Kids across the country have been voicing their opposition to these laws, staging school walkouts in cities including Morgantown, West Virginia; Iowa City; Orlando, Florida; and Denver, Colorado.
“We wanted to fight to show support for other people who are like us,” Alex Pacheco, a 15-year-old high school freshman, told 9News at a Colorado walkout in solidarity with LGBTQ students in Florida. “We need to keep going forward instead of backwards.”
The Queer Youth Assembly, a queer youth-led movement serving LGBTQ people under the age of 25, has organized marches for LGBTQ autonomy in most states.
“We call for an end to violence and hatred directed toward all people,” the organization said in a petition on their website. “We ask for empathy and clear actions to support our queer, trans, BIPOC, and disabled communities who survive every day despite the world we live in.”
On Friday, trans youth in Colorado held a march for queer and trans youth autonomy at the Denver capitol building, calling for a world where the safety, autonomy, and joy of queer children is protected. The march was attended by hundreds of queer youth, local teachers, drag queens, survivors of the Club Q massacre and allies. Students from Denver’s East High School, where multiple students have died from gun violence over the past few weeks, called for an end to gun violence in addition to LGBTQ rights.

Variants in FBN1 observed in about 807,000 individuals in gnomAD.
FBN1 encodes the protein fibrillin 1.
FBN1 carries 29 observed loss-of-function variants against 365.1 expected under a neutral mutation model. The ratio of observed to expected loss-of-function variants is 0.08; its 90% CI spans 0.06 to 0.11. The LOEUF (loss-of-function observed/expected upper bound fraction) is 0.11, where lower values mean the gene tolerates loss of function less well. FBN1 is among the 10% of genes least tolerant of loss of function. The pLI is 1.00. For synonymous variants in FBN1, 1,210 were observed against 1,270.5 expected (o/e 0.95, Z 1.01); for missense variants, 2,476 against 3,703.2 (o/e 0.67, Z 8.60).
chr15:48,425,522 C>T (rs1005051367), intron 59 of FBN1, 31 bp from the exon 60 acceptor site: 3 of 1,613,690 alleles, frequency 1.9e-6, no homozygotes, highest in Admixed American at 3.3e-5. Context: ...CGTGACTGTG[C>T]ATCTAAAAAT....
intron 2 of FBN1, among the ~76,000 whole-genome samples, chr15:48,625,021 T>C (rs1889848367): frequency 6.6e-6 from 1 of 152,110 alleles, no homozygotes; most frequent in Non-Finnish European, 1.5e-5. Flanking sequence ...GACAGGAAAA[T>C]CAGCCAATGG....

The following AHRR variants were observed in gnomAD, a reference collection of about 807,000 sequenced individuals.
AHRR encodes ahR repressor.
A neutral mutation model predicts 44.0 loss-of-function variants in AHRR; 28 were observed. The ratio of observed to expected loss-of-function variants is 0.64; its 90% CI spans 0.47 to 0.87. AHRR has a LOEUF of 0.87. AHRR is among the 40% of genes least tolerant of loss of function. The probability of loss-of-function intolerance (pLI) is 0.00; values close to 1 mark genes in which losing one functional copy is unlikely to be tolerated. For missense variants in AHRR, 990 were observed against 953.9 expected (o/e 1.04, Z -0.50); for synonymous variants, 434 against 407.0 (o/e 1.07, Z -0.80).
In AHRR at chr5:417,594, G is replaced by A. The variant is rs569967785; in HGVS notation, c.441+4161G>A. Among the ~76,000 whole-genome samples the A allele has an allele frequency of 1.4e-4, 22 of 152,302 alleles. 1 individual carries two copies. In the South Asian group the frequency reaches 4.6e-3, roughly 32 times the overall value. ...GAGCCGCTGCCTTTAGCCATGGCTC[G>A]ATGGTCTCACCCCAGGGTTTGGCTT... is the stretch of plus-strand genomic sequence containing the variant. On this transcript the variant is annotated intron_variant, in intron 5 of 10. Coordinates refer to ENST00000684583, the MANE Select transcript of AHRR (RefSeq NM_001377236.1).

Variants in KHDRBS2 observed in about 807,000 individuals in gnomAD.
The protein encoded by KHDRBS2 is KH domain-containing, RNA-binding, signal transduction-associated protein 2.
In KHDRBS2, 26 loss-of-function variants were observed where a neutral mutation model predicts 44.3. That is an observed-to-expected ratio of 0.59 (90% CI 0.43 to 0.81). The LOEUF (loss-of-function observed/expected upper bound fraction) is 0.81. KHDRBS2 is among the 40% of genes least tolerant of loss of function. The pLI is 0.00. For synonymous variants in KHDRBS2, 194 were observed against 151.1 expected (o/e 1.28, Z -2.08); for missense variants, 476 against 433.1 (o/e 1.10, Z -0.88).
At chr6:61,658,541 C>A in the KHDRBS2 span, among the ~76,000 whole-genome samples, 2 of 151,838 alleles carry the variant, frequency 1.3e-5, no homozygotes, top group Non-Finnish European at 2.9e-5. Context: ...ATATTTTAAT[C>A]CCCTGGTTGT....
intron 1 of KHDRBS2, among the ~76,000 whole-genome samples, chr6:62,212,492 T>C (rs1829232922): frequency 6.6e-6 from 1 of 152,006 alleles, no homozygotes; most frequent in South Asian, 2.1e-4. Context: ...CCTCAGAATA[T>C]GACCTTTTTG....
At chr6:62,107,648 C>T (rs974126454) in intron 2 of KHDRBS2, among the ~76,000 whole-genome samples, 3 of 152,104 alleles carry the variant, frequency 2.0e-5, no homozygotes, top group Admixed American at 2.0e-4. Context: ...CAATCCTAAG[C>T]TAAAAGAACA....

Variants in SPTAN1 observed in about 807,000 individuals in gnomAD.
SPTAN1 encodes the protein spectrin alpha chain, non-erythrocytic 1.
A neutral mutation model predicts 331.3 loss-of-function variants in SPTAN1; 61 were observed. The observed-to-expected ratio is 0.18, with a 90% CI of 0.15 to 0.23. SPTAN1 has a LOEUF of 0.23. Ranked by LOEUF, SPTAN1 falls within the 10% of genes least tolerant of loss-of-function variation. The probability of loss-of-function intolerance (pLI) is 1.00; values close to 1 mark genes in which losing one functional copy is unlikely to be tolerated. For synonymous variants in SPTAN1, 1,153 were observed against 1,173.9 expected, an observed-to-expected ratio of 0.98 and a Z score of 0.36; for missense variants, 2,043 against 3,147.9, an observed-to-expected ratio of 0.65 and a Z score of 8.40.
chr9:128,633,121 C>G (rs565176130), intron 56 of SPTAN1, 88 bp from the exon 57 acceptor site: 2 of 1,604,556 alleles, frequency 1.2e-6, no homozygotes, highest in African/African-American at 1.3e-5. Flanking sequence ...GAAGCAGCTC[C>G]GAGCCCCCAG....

“Kids like me are under attack across the nation,” said one 14-year-old speaker at the march. “Do we not deserve the same rights and freedoms as the people who write the laws? If the children are the future, please leave us with one.”
Another speaker was Ophelia Peaches, an 18-year-old drag queen and high school student from Aurora.
“We need to be loud,” she said. “We need to be loud enough so those kids in red states that are being silenced can hear us. We are here and we are powerful.”
Other speakers included Rep. Brianna Titone (D), Colorado’s first trans lawmaker, who recently introduced legislation that would make Colorado a “refugee state” for trans youth seeking gender-affirming care, and Rep. Leslie Herod (D), Colorado’s first openly LGBTQ Black legislator.
“Our rights are under attack every single day,” Herod said. “Even as you stand up and fight back, you are forced to endure the pain and hatred that is forced upon you every day.”
Numerous LGBTQ people, many of whom were Black and trans, have been murdered this year. Last year, the Human Rights Campaign released a report on the “epidemic of violence” against transgender and nonbinary people. At least 34 trans people were killed in 2022, with multiple trans people murdered in the Club Q shooting.
Queer youth organizers at the Denver rally read the names of dozens of trans community members who had been murdered.
“It isn’t fair,” said one organizer. “I don’t want to read the names of 50 people each year who were murdered for being queer. We have to fight.”
“We want to be loud,” they said, pointing at the capitol building. “We want them to hear us. It is the first step for making change.”